International Business major brings a global economy home to York
Here’s a pop quiz, to any of you potential Business majors.
It’s just after the first of the year. You need a fresh shipment of goods from your supplier in China as soon as possible. They aren’t answering the phone. Why?
Flash forward to summer and consider: With a big deal set to close, your contact in France isn’t returning your calls. Why not?
You can find answers to those types of questions in York College of Pennsylvania’s new International Business program.
It’s the place for students looking to pair a rigorous and tested business curriculum with deep study of culture and politics from around the world. It’s the place, too, for those who want to understand both the language of accounting and even different dialects of French.
International Business brings a global economy home to York, providing students a world of opportunity.
“These days everyone in business is either competing with or sourcing from places all over the planet,” says Professor Rick Osborn. “So, we’re talking about critical knowledge needed in today’s marketplace to compete.”
Talking the talk
Parlez-vous “double major?” (That’s French for, Do you speak ‘double major?’.)
Well, York College speaks that language.
International Business is the first program at YCP to offer students a Bachelor of Arts degree from the Graham School of Business. That’s because the cutting-edge curriculum stretches across disciplines, connecting language arts, political science, religion, economics and more like dots on a map.
And the result? A picture of possibility: choose from minors in French, Spanish, German, cultural studies and more; or, add a double-major in one language; or, use electives to blaze your own path.
“It’s really exciting how we’ve been able to bring all of these different disciplines on board,” Professor Osborn says. “It presents an amazing opportunity for students to expand outside of the traditional business degree.”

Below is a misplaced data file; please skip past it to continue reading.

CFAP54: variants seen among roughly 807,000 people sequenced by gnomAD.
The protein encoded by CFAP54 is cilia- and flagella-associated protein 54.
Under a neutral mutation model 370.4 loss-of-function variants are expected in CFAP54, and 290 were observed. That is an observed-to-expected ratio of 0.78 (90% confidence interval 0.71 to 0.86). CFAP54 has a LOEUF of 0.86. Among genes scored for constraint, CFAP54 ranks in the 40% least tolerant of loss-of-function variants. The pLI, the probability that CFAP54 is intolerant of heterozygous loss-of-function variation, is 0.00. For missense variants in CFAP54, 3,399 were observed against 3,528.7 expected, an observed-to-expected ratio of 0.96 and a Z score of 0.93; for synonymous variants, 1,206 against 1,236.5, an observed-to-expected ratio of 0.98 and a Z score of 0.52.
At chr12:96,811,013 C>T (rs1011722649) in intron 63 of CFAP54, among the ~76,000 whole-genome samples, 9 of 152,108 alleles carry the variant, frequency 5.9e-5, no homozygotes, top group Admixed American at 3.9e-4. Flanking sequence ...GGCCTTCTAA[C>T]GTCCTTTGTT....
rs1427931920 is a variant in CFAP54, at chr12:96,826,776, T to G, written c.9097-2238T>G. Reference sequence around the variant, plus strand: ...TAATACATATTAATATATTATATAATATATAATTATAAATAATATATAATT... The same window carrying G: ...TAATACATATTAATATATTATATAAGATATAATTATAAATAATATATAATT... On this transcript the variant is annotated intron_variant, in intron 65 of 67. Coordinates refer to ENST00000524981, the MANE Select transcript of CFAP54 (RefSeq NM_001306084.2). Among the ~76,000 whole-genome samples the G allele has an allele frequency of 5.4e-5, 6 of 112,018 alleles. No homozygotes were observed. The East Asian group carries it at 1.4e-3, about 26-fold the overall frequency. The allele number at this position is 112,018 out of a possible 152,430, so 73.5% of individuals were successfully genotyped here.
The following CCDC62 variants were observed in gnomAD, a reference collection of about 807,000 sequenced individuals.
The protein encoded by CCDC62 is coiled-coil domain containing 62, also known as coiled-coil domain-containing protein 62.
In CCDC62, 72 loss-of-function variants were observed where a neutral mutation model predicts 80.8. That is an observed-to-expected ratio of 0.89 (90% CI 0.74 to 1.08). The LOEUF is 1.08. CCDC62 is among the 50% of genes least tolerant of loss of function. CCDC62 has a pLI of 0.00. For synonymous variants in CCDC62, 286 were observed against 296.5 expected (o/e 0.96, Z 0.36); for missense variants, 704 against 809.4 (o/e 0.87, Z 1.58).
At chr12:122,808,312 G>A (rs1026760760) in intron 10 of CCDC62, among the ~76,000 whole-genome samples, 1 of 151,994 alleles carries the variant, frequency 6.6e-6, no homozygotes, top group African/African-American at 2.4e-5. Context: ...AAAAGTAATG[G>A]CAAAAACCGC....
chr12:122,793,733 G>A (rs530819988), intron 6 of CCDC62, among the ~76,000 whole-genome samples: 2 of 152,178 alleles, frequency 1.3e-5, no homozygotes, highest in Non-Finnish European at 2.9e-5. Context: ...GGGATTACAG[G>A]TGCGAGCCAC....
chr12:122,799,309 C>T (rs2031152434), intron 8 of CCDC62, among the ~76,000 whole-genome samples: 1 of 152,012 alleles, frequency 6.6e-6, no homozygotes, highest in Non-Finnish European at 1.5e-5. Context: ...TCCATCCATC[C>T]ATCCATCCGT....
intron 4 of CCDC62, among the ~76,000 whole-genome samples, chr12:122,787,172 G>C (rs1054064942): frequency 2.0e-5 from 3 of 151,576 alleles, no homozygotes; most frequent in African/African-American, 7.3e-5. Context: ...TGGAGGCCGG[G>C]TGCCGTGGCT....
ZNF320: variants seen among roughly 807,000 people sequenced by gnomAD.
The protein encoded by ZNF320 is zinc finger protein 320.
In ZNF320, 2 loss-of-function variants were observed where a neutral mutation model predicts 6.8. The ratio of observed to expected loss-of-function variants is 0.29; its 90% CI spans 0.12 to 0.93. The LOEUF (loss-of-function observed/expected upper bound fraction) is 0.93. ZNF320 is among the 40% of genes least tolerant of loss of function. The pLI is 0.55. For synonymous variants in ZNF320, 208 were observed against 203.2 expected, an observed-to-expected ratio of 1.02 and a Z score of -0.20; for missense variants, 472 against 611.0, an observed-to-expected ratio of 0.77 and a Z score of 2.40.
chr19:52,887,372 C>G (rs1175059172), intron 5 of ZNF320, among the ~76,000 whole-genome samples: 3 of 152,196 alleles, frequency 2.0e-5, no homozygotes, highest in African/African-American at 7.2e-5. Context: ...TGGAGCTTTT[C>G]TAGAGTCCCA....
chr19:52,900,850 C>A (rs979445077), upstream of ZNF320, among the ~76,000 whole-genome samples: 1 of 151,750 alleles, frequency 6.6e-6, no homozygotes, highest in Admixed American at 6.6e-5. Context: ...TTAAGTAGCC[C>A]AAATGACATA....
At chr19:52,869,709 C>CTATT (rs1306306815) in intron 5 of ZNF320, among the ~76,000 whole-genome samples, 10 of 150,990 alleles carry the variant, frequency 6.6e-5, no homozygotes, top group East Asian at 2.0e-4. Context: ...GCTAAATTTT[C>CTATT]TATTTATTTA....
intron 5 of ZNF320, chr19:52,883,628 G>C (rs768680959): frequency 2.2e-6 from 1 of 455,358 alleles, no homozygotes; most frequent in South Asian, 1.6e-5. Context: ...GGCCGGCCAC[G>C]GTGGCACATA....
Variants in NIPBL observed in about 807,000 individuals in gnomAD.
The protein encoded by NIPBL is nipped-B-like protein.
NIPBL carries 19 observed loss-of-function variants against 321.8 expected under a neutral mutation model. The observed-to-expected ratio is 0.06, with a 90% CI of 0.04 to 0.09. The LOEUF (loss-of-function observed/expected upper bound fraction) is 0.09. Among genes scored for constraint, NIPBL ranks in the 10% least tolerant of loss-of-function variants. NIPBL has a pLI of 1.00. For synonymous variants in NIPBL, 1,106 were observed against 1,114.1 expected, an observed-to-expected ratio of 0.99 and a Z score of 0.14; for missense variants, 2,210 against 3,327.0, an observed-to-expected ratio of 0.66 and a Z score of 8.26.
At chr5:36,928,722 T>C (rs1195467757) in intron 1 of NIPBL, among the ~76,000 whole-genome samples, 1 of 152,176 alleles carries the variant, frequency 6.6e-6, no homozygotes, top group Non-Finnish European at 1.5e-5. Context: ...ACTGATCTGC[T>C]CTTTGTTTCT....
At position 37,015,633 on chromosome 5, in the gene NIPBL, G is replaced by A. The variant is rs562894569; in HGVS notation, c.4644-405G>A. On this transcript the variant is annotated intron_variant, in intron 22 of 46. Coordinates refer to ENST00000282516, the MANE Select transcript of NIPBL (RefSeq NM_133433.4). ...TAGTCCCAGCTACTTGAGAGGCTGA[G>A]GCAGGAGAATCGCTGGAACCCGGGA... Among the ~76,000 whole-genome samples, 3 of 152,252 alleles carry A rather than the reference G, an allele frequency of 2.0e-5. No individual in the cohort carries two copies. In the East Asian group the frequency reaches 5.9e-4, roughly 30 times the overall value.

Local employers frequently ask faculty about business students who speak a second language, he says. Ever more often at York College, the answer is “yes.”
‘Understanding the workings of the world’
Nothing says “international” quite like taking your first meeting with a roomful of executives in Austria. That’s hard to beat.
York College will send you there.
As part of the curriculum, International Business majors will spend a summer abroad in locales from Mexico to India, strategizing with managers and offering input on key decisions to real employers in the global marketplace.
But the importance of such trips stretches beyond the boardroom, to local restaurants and markets and out to the very consumers who drive a world economy into the trillions of dollars. Those are connections that offer future entrepreneurs invaluable insight.
“We think it’s so important in business to have a keen understanding of other cultures and other people’s circumstances,” Professor Osborn says. To walk both the factory floor and the bustling streets. To read everything from classic literature to restaurant menus.
“This is a major, fundamentally, that’s about better understanding the workings of the world,” he says.
Keying in on answers
Still stumped on that first quiz? Here are the answers.
Your supplier in China isn’t answering because he’s out for a few weeks, celebrating Chinese New Year with a couple hundred friends and family, like he always does at this time of year. And your contact in France? Well, it’s the middle of the summer: she’s taking her usual month in the French Riviera.
The broader answer, though, is this: There’s a world of nuance and detail out there, and it calls for careful study.
It’s why that man’s-best-friend dog image on your product advertisement won’t play as well outside the U.S., where that ethos was born.
International Business students deal in those distinctions, exploring our colorful globe’s varied elements, uncovering its countless shades of gray.
Along the way they learn what we all have in common, where we differ, and, ultimately, how to change the world for the better, starting right here at York College.